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Hunting trips bring back fond memories

November 16, 2013
Matthew Burdette , The Inter-Mountain

Each November, countless youth enjoy an annual right of passage, trudging through the hills and valleys of the Mountain State on their first hunting excursion.

I, certainly, was no different, going on my first adventure through the great outdoors when I was 12 years old.

To this day, I remember the excitement before that first trip with the man I looked up to more than any other - my dad.

The excitement wore off quickly, though, once we hit that first steep hillside in the wee hours of the morning in the backwoods of Wood County.

As the trip started, my dad told me he knew the perfect spot for me to bag my first deer. Looking back, that likely was a ruse, as I never really remembered my dad bringing home anything bigger than a squirrel following a hunting trip - and only one of those.

That was the farthest thought from my mind, however, as we slogged what seemed like 10 miles into the forest, me trailing far, far behind during most of the

journey.

Finally, after what seemed like hours, we came to rest on a large felled tree overlooking a quaint little valley.

For the next several hours, we sat frozen - literally - sipping coffee and starring at that small inlet waiting for our prize-winning deer.

Alas, as late afternoon approached, the mighty hunters, clad in their Elmer Fudd attire and blaze orange began the long walk back to the car - emptyhanded.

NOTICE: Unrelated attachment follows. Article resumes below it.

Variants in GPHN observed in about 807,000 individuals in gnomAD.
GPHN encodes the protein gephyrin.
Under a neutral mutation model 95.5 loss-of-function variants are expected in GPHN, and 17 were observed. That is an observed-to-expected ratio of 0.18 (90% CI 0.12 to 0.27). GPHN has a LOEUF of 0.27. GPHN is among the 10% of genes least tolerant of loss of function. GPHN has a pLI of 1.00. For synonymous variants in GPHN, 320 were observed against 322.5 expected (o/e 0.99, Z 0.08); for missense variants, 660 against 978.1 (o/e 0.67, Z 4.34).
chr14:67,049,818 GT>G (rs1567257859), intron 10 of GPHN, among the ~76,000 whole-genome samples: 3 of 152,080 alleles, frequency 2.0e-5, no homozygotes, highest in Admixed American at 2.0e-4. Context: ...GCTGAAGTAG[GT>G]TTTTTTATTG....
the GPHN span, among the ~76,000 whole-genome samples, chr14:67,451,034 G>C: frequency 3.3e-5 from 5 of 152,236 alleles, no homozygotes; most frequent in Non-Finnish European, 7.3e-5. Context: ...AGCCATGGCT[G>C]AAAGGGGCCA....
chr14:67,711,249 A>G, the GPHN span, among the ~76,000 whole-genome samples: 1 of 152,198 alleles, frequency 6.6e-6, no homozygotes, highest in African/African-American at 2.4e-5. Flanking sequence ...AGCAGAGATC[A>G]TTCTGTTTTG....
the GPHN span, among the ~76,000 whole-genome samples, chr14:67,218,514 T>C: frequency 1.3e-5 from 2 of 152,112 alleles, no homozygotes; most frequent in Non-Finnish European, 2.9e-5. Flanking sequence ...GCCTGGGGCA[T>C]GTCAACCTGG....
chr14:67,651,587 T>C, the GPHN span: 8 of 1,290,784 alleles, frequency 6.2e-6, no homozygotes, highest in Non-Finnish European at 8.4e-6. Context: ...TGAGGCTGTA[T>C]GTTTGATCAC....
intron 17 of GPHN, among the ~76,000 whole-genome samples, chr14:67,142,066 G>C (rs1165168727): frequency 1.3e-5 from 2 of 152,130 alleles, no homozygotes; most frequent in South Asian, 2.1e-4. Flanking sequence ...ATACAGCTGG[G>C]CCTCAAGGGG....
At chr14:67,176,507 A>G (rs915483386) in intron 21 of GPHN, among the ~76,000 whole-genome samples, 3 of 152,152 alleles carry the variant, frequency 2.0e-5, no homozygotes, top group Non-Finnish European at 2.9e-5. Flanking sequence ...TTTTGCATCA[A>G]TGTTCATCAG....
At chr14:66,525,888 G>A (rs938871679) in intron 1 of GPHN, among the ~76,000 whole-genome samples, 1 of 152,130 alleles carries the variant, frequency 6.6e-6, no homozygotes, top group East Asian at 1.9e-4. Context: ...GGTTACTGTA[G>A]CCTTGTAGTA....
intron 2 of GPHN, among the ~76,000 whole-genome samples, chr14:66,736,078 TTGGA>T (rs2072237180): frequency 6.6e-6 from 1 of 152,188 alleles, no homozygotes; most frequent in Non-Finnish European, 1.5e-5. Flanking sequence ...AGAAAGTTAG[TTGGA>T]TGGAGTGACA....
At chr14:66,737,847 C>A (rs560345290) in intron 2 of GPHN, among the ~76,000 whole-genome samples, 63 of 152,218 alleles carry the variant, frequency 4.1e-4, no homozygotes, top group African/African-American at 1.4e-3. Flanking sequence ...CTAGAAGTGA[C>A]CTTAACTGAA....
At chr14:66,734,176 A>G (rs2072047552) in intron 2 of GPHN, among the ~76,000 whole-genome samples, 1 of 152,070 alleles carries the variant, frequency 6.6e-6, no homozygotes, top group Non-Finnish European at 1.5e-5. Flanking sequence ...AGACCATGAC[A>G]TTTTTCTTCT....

Throughout the years, we had many, many more trips with the same result - a lot of sitting and no fruits for our laborious trek.

Notwithstanding the lack of success on the hunting front, I still would not trade those many wonderful memories for anything in the world.

You see, those adventures were not about hunting at all. Even if we would have seen a deer, which we never did, we likely would not have raised a gun or fired a shot.

The trips were more about bonding and spending time together, something that always was in short supply with my dad's busy schedule at the glass factory and mine with my studies.

During our many travels, we never really talked much, and when we did, it was never about anything too important. For us, we had that unspoken bond that we would be there for each other in times of need and for those everyday moments as well.

On Nov. 30, it will be 15 years since my dad lost his battle with cancer. There still are not many days that go by without at least a thought toward the many good times we enjoyed together.

Whether it's hunting, fishing or just a Sunday drive, memories from those excursions can last a lifetime. They certainly have for me.

Contact Matthew Burdette at 304-636-2121, ext. 120 or via email at mburdette@theintermountain.com. Follow him on Twitter at IMT_Burdette.

 
 

 

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